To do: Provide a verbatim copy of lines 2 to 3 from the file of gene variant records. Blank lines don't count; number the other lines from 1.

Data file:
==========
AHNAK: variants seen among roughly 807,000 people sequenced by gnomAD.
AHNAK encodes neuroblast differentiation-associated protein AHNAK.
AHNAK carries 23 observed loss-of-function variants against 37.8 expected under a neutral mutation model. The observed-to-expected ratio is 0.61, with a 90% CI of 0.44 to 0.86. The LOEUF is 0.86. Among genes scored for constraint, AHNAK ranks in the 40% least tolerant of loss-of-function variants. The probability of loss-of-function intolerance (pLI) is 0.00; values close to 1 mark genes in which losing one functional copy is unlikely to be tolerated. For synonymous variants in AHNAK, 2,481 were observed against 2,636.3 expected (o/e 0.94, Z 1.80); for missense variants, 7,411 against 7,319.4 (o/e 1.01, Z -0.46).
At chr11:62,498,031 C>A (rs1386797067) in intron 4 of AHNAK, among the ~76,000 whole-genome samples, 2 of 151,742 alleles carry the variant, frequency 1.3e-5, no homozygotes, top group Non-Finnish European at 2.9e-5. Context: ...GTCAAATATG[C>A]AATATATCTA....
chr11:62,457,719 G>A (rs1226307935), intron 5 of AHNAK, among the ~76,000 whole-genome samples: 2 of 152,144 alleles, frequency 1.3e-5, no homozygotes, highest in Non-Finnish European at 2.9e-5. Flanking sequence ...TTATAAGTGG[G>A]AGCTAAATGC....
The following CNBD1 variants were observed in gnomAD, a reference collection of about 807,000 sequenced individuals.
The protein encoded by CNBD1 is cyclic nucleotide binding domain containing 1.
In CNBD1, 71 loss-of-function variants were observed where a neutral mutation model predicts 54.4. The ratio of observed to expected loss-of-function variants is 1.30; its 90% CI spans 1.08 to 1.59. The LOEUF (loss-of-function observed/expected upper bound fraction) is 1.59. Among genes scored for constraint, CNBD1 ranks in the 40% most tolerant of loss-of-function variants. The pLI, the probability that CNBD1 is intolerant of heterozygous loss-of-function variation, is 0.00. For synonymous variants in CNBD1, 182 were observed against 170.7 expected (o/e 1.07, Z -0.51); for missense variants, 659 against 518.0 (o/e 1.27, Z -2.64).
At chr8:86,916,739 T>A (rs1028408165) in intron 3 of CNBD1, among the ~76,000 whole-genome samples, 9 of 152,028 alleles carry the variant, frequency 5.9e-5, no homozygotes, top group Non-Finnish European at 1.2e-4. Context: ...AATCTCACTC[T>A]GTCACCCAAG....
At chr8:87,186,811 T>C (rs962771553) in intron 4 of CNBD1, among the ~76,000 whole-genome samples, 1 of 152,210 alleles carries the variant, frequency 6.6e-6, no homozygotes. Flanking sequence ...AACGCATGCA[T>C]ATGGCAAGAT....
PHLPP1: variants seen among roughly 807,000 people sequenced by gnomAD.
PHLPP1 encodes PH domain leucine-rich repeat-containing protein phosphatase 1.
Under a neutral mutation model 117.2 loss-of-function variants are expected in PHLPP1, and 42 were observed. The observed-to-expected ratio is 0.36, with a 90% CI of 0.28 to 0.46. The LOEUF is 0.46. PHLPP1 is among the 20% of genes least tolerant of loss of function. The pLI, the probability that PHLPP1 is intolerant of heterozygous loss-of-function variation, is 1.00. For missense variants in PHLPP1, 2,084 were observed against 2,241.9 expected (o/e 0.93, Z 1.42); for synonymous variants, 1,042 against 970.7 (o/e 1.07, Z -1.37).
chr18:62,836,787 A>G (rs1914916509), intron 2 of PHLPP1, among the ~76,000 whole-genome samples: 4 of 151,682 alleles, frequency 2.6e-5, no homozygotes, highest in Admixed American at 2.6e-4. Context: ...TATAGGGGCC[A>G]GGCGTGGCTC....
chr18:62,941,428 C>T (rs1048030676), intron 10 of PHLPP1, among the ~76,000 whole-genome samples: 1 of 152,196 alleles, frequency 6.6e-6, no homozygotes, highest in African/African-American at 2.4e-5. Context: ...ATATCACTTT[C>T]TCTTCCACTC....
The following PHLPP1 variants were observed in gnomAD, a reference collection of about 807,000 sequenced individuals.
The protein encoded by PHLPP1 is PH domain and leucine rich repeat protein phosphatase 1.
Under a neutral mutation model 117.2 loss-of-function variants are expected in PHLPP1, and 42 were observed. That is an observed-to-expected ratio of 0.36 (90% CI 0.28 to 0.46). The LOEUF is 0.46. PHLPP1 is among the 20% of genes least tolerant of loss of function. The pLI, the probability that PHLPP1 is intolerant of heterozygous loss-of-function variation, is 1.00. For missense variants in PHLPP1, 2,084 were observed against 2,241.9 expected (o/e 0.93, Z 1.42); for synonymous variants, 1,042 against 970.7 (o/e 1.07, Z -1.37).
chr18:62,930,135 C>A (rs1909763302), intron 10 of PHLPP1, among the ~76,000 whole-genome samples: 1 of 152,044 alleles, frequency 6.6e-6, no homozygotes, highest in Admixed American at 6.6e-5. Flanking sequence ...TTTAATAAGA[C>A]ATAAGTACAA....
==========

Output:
AHNAK encodes neuroblast differentiation-associated protein AHNAK.
AHNAK carries 23 observed loss-of-function variants against 37.8 expected under a neutral mutation model. The observed-to-expected ratio is 0.61, with a 90% CI of 0.44 to 0.86. The LOEUF is 0.86. Among genes scored for constraint, AHNAK ranks in the 40% least tolerant of loss-of-function variants. The probability of loss-of-function intolerance (pLI) is 0.00; values close to 1 mark genes in which losing one functional copy is unlikely to be tolerated. For synonymous variants in AHNAK, 2,481 were observed against 2,636.3 expected (o/e 0.94, Z 1.80); for missense variants, 7,411 against 7,319.4 (o/e 1.01, Z -0.46).